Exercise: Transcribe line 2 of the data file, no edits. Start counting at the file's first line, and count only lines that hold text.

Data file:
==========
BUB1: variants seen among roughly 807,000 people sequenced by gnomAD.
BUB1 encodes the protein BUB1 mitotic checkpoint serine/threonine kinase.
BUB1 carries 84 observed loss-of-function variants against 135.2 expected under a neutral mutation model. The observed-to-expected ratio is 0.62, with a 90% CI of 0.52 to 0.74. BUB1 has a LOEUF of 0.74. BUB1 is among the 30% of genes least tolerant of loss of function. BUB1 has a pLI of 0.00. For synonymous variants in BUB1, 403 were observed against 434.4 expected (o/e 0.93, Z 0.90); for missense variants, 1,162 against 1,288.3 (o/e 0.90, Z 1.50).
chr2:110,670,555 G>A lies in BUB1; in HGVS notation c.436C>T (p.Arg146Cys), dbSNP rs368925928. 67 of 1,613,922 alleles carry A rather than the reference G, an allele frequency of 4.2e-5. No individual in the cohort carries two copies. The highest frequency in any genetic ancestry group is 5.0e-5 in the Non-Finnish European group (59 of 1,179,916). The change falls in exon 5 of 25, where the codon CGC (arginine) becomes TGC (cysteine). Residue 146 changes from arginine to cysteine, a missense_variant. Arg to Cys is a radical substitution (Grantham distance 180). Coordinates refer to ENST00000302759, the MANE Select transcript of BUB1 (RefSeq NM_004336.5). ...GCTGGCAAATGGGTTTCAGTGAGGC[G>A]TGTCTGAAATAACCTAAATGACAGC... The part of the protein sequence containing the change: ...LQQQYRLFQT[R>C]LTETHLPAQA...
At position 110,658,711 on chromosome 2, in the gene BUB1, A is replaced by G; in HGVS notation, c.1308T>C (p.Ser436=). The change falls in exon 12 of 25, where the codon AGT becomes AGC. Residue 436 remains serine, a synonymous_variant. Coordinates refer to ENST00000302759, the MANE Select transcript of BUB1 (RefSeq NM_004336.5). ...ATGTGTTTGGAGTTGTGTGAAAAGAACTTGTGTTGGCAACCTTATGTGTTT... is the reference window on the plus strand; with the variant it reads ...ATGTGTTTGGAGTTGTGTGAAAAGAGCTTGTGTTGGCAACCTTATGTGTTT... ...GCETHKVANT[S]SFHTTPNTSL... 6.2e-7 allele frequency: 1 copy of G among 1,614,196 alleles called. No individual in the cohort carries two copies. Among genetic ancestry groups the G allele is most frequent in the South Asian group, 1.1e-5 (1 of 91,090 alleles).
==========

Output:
BUB1 encodes the protein BUB1 mitotic checkpoint serine/threonine kinase.